Benefits of Sober Living

When an addict or alcoholic is new in recovery, one of the most important factors is their living environment. Studies have shown that a positive social environment is a key predictor of success in achieving long-term sobriety. Further, it has been found that sober living homes are associated with improvement in multiple domains of an addict or alcoholic’s life. The urge to go back to the living situation that existed prior to treatment can be strong, despite it not being the best option for their recovery. Below are some other benefits offered by entering a sober living or recovery home after drug treatment.

Finding and Creating a Network of Support

men supporting each other

When someone is finding their footing as a newly sober person, it is vital to build a network of peers they can call upon if they need help. Meeting and living with people who share the same common goal gives addicts and alcoholics a chance to forge life-long connections with people who understand the same feelings they are going through. As time goes on in sober living, those bonds become stronger, and the community starts to feel like a family.

Another common problem for those who are newly sober is the feeling of loneliness. This is a near universal feeling during active substance use. It does not just disappear when the use stops. Loneliness is directly correlated with poor physical and mental health, substance use, low self-esteem, low self-confidence, dis-inhibition, high risk behavior, and anxiety. Living in a sober living or recovery home drastically reduces this feeling of loneliness. It is hard to be lonely when living alongside several other people struggling from the same feelings. While plenty of people may want to rush home and get “back to life” after drug or alcohol treatment, it is crucial to make sure that they have had the time they need to build a solid base of recovery first.

Accountability, Guidance, and Support

In a sober living home, you are around others who help to hold you accountable and support you when needed. Additionally, sober living homes have live-in managers and staff to guide you in the right direction. The managers are there 24/7 to help with anything you need, such as finding a meeting, a sponsor, getting ready for an interview, managing cravings, or just talking. Managers are typically in recovery themselves and can help connect residents with outside resources as well, such as outpatient treatment, twelve step groups, case managers, and more.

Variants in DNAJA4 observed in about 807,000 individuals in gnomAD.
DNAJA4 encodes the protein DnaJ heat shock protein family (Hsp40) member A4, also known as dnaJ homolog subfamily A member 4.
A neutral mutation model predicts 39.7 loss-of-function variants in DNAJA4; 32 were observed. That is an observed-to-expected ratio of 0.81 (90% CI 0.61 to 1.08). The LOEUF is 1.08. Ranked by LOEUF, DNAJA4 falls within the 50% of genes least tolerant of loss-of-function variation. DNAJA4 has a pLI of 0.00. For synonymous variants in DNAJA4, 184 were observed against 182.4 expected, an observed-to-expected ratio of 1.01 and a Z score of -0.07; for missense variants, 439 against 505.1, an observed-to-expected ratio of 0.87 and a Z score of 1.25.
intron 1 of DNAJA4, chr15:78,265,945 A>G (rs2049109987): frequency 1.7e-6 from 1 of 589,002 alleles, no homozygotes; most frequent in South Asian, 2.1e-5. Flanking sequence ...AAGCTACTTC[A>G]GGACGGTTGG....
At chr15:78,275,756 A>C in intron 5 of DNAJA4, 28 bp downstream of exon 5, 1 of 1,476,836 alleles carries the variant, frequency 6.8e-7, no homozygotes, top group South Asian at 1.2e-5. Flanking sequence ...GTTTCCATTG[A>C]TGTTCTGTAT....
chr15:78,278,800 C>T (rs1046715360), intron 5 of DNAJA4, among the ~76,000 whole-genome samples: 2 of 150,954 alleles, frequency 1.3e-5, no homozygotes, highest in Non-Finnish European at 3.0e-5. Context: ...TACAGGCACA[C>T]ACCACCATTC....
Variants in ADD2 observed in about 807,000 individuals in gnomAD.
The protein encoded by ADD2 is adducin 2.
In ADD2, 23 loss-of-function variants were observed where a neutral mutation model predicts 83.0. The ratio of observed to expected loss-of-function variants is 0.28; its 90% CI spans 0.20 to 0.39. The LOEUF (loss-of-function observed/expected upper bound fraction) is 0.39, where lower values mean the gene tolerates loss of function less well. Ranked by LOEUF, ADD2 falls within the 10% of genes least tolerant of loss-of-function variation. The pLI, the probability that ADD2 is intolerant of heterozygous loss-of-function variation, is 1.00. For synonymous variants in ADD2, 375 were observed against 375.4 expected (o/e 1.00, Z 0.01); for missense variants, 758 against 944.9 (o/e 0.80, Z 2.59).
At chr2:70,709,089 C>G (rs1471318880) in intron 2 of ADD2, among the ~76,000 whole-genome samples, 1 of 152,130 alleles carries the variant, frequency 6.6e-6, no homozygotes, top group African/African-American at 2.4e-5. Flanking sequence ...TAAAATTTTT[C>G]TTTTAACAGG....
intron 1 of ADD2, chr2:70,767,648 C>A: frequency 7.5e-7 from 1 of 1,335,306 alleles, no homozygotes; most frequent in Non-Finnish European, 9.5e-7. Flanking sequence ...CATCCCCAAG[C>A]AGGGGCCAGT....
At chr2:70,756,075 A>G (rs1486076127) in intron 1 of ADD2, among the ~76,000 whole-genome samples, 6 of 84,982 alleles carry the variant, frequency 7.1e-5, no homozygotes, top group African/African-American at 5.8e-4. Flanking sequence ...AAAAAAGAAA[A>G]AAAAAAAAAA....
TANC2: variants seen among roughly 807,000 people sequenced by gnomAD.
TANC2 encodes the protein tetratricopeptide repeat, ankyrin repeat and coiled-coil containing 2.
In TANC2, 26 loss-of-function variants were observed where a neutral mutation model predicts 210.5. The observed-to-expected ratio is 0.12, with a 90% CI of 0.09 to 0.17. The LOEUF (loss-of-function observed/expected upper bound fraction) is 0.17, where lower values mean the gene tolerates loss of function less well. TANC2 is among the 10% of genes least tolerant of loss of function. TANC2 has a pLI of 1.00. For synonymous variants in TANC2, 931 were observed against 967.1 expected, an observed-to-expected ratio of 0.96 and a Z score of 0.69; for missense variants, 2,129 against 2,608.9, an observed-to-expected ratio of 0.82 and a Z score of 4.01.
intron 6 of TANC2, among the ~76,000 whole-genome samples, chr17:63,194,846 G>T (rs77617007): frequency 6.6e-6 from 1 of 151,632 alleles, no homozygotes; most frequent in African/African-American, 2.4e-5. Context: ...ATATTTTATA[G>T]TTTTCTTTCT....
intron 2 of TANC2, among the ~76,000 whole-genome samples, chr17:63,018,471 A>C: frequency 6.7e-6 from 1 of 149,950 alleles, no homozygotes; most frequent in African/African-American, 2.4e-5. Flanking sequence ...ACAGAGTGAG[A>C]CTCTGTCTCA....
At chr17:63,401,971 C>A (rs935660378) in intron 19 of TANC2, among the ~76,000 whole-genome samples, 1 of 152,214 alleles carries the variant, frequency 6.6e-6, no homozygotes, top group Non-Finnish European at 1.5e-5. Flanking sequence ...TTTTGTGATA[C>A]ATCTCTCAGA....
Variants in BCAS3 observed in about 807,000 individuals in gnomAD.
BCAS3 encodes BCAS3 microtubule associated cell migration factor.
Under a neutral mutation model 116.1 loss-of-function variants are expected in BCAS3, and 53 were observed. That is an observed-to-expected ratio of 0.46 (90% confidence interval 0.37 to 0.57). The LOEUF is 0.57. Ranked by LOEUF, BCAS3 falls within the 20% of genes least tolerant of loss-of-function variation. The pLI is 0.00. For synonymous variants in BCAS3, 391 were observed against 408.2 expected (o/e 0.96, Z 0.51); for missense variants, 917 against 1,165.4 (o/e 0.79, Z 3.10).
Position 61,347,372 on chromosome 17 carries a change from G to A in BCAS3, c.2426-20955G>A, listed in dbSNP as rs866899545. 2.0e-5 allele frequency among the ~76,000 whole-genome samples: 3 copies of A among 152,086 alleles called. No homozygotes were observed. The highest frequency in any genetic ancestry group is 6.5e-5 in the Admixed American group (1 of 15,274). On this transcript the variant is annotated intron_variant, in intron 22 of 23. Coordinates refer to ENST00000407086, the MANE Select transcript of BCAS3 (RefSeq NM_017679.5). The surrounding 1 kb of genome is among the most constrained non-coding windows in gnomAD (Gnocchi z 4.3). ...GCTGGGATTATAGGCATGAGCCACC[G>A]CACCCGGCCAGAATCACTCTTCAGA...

In addition to the social support, house managers help keep the residents accountable. Part of living in a sober house means that you will need to submit to random drug screens, breathalyzers, and agree to follow the rules of the house. These rules are needed to help keep the community healthy, happy, and substance free.


One of the biggest differences between sober living and a detox or residential drug treatment program is the independence that you are given. While a higher level of care/support is needed for many at first, that care typically ends within a month. Coming to a sober living after treatment offers a huge benefit in that it allows you to start rebuilding independence while also having that extra support and structure that many people need.

Sober home residents are able to go out on their own, work, shop for their own meals, and attend their own meetings. You are given the ability to re-enter mainstream life as a person in recovery in a safe way. The independence allowed at this level of care gives you the chance to build new friendships, learn new skills, and find new activities that bring you joy. You are given the independence to make decisions on your own, which is a crucial step for becoming a happy and healthy person in recovery.

Safety and Peace of Mind

Above all, sober living offers all the above benefits while prioritizing your safety. Maintaining accountability while learning a new way to live is crucial, which is why a stay in sober living after residential drug treatment and during intensive outpatient treatment is a smart, safe, and healthful step for one to take.

In addition to the resident’s safety, the peace of mind given to family members and loved ones is a priceless benefit. Loved ones of alcoholics and addicts spend years worrying about them. Being in a sober home or halfway house lets friends and family know that you are safe, and that, for the first time in a long time, they can put their minds at ease.

If you’d like to learn more about sober living for yourself or a loved one, please give us a call today at (310) 560-3794, or via email at [email protected]

los angeles sober living


Hosseinbor, M., Yassini Ardekani, S. M., Bakhshani, S., & Bakhshani, S. (2014). Emotional and Social Loneliness in Individuals With and Without Substance Dependence Disorder. International Journal of High Risk Behaviors and Addiction, 3(3). https://doi.org/10.5812/ijhrba.22688

Mericle, A. A., Mahoney, E., Korcha, R., Delucchi, K., & Polcin, D. L. (2018). Sober living house characteristics: A multilevel analyses of factors associated with improved outcomes. Journal of Substance Abuse Treatment, 98, 28–38. https://doi.org/10.1016/j.jsat.2018.12.004

Polcin, D. L., & Henderson, D. M. A. (2008). A Clean and Sober Place to Live: Philosophy, Structure, and Purported Therapeutic Factors in Sober Living Houses. Journal of Psychoactive Drugs, 40(2), 153–159. https://doi.org/10.1080/02791072.2008.10400625

Polcin, D. L., Korcha, R., Bond, J., & Galloway, G. (2010). What Did We Learn from Our Study on Sober Living Houses and Where Do We Go from Here? Journal of Psychoactive Drugs, 42(4), 425–433. https://doi.org/10.1080/02791072.2010.10400705